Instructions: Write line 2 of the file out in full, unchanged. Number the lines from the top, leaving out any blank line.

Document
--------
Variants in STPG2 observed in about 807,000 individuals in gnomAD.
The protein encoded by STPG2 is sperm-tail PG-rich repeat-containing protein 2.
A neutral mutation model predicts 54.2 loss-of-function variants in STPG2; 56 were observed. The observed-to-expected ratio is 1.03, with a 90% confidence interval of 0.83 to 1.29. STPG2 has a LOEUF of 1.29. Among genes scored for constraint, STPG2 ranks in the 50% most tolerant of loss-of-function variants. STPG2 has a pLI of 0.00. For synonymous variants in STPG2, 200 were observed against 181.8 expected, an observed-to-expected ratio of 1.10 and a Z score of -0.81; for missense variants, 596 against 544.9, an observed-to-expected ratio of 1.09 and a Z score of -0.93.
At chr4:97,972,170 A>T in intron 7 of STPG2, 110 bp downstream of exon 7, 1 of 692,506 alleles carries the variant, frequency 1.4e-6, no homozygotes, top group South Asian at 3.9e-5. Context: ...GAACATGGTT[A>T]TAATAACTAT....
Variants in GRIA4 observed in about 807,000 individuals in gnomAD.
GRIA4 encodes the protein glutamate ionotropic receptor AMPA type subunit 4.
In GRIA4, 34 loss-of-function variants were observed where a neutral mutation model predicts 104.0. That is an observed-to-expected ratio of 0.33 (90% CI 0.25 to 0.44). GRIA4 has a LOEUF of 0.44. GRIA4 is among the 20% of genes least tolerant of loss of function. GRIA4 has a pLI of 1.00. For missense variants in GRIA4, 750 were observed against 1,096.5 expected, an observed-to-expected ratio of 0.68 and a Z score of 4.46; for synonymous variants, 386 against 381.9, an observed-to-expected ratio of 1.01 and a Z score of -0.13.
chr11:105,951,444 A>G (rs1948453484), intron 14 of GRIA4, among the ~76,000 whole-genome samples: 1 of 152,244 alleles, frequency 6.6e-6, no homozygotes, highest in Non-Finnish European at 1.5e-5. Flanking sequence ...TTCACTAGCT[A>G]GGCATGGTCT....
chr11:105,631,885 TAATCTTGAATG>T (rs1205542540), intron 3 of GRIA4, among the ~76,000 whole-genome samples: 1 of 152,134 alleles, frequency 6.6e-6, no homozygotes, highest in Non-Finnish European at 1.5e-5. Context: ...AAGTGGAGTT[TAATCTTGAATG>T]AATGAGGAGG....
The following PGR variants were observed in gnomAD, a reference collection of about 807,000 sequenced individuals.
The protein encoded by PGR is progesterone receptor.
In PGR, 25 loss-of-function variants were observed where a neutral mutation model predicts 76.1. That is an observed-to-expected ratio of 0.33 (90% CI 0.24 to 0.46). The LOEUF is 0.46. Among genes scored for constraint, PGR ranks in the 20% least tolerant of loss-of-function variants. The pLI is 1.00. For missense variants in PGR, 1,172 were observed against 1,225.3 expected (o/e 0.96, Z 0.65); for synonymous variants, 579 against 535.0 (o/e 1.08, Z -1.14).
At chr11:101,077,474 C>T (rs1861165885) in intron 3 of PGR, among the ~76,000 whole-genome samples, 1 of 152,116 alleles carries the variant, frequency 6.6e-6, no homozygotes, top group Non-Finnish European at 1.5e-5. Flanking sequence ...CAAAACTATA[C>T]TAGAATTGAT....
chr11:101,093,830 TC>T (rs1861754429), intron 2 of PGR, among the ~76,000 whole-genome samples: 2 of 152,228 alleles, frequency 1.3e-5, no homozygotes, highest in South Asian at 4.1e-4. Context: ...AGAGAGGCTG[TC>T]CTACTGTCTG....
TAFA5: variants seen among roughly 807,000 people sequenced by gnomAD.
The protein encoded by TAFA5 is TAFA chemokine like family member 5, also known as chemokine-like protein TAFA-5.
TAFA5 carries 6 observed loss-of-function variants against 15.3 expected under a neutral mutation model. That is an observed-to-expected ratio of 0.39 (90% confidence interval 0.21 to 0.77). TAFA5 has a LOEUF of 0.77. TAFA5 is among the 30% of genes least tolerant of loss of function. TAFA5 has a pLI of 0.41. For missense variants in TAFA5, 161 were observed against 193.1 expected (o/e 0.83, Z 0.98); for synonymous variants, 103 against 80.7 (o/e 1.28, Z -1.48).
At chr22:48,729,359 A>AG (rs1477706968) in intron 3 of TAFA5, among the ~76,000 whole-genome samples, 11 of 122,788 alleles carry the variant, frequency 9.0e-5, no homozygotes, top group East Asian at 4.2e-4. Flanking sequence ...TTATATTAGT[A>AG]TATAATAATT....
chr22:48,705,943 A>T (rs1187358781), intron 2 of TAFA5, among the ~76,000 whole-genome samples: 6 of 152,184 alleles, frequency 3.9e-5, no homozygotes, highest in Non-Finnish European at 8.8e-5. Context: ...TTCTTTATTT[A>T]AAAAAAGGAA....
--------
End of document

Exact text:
The protein encoded by STPG2 is sperm-tail PG-rich repeat-containing protein 2.